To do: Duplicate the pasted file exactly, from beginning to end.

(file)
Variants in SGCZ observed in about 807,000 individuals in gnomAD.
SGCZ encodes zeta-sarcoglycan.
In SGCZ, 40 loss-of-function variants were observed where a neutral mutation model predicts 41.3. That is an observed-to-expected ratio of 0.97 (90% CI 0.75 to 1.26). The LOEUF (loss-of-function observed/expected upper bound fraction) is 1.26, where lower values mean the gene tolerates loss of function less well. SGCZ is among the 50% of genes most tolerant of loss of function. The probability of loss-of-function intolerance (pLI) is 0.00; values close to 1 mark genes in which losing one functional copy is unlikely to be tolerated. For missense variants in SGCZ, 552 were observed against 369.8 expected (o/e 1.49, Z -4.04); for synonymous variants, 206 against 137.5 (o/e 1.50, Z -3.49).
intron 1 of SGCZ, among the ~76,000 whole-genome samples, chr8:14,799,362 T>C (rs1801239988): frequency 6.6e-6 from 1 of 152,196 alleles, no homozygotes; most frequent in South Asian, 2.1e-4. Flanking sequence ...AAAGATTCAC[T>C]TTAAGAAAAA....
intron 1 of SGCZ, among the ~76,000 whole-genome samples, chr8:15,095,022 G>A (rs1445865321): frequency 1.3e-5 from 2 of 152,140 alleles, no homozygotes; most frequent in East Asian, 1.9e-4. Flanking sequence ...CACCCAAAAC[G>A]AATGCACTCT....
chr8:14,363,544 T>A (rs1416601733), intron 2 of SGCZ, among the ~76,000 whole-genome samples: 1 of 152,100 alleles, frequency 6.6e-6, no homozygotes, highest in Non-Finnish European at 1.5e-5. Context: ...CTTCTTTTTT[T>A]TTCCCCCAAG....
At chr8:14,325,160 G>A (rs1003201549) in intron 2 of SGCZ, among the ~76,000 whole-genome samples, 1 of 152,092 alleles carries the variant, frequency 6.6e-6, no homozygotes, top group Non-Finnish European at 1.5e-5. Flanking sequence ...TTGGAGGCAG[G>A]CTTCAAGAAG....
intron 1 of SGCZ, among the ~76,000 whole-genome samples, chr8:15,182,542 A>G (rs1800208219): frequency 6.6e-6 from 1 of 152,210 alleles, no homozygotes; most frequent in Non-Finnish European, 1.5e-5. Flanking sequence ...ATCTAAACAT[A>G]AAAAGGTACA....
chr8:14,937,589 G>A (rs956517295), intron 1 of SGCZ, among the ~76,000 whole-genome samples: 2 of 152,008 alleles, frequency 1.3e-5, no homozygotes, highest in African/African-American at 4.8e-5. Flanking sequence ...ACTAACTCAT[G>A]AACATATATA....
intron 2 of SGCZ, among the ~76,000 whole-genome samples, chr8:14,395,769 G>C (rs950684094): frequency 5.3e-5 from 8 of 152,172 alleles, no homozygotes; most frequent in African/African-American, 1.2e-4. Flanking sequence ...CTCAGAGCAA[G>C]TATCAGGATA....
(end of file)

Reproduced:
Variants in SGCZ observed in about 807,000 individuals in gnomAD.
SGCZ encodes zeta-sarcoglycan.
In SGCZ, 40 loss-of-function variants were observed where a neutral mutation model predicts 41.3. That is an observed-to-expected ratio of 0.97 (90% CI 0.75 to 1.26). The LOEUF (loss-of-function observed/expected upper bound fraction) is 1.26, where lower values mean the gene tolerates loss of function less well. SGCZ is among the 50% of genes most tolerant of loss of function. The probability of loss-of-function intolerance (pLI) is 0.00; values close to 1 mark genes in which losing one functional copy is unlikely to be tolerated. For missense variants in SGCZ, 552 were observed against 369.8 expected (o/e 1.49, Z -4.04); for synonymous variants, 206 against 137.5 (o/e 1.50, Z -3.49).
intron 1 of SGCZ, among the ~76,000 whole-genome samples, chr8:14,799,362 T>C (rs1801239988): frequency 6.6e-6 from 1 of 152,196 alleles, no homozygotes; most frequent in South Asian, 2.1e-4. Flanking sequence ...AAAGATTCAC[T>C]TTAAGAAAAA....
intron 1 of SGCZ, among the ~76,000 whole-genome samples, chr8:15,095,022 G>A (rs1445865321): frequency 1.3e-5 from 2 of 152,140 alleles, no homozygotes; most frequent in East Asian, 1.9e-4. Flanking sequence ...CACCCAAAAC[G>A]AATGCACTCT....
chr8:14,363,544 T>A (rs1416601733), intron 2 of SGCZ, among the ~76,000 whole-genome samples: 1 of 152,100 alleles, frequency 6.6e-6, no homozygotes, highest in Non-Finnish European at 1.5e-5. Context: ...CTTCTTTTTT[T>A]TTCCCCCAAG....
At chr8:14,325,160 G>A (rs1003201549) in intron 2 of SGCZ, among the ~76,000 whole-genome samples, 1 of 152,092 alleles carries the variant, frequency 6.6e-6, no homozygotes, top group Non-Finnish European at 1.5e-5. Flanking sequence ...TTGGAGGCAG[G>A]CTTCAAGAAG....
intron 1 of SGCZ, among the ~76,000 whole-genome samples, chr8:15,182,542 A>G (rs1800208219): frequency 6.6e-6 from 1 of 152,210 alleles, no homozygotes; most frequent in Non-Finnish European, 1.5e-5. Flanking sequence ...ATCTAAACAT[A>G]AAAAGGTACA....
chr8:14,937,589 G>A (rs956517295), intron 1 of SGCZ, among the ~76,000 whole-genome samples: 2 of 152,008 alleles, frequency 1.3e-5, no homozygotes, highest in African/African-American at 4.8e-5. Flanking sequence ...ACTAACTCAT[G>A]AACATATATA....
intron 2 of SGCZ, among the ~76,000 whole-genome samples, chr8:14,395,769 G>C (rs950684094): frequency 5.3e-5 from 8 of 152,172 alleles, no homozygotes; most frequent in African/African-American, 1.2e-4. Flanking sequence ...CTCAGAGCAA[G>C]TATCAGGATA....